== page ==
Spaceplanes could become a common sight over the next few years. Several companies are building craft to carry passengers into space for a few minutes before flying back to land at an airport.
The first spaceplane took flight 50 years ago today: the X-15. It was one of the most advanced machines of its time. Its flights provided valuable information about operating in space. And engineers eventually applied many of its lessons to the space shuttle.
The sleek, black X-15 was carried aloft under the wing of a B-52 bomber. For most flights, it fired its rocket engine after it was dropped, flew like a rocket as it built up speed and altitude, then used its stubby wings to glide to a landing like an airplane. But as this newsreel reported, pilot Scott Crossfield made the first test flight without the engine:
NEWSREEL: The X-15 is cut loose seven miles over the Mojave Desert to fall free and glide back to Earth, testing the stability of the most radically different aerodynamic structure ever engineered -- a craft designed to reach speeds of up to 4,000 miles an hour, to skim the upper limits of the world's blanket of air, and then to handle like a conventional plane in landing. [:22]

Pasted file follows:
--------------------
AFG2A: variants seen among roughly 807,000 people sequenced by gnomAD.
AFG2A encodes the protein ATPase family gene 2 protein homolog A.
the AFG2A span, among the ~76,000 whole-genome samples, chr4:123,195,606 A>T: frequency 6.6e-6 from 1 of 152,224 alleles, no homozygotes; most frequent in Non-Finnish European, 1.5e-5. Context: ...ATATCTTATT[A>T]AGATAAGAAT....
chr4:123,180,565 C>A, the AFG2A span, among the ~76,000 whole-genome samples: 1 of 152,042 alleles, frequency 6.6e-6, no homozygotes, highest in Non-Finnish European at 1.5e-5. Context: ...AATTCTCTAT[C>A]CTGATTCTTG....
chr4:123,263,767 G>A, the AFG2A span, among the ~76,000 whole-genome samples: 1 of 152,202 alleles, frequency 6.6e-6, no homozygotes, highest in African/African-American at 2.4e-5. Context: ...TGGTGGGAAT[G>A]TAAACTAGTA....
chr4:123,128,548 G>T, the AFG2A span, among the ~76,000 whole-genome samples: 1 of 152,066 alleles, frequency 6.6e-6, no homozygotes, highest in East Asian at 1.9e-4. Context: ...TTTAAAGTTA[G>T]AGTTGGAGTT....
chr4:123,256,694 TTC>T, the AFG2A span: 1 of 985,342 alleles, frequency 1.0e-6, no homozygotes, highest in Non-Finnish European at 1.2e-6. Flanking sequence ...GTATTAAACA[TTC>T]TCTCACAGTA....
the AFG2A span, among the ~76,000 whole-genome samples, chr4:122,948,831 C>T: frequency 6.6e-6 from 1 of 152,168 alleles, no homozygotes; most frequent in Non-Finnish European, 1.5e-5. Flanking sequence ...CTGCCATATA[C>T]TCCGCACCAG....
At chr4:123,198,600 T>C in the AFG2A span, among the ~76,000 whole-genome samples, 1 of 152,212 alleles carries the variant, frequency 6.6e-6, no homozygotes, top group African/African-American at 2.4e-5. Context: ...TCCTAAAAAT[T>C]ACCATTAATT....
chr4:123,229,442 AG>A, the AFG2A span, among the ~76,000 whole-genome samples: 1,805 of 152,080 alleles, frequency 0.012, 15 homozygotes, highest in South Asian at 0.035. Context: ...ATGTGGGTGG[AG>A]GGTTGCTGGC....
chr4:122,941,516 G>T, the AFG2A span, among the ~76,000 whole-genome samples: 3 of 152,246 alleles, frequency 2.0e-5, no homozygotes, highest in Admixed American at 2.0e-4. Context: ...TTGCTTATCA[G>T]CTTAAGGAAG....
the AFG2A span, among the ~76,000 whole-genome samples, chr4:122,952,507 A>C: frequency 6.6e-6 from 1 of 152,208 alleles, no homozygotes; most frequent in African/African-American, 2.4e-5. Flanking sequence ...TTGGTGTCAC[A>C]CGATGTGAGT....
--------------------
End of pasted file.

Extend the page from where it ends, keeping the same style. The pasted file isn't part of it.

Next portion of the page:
Over the next decade, the X-15 flew almost 200 missions. It reached a peak altitude of 67 miles, and a speed of 4500 miles an hour. Several of its pilots earned astronaut wings for flying beyond the atmosphere.
And although it was retired long ago, engineers are still applying the lessons learned with the X-15 as they design a new generation of spaceplanes.
Script by Damond Benningfield, Copyright 2009
For more skywatching tips, astronomy news, and much more, read StarDate magazine.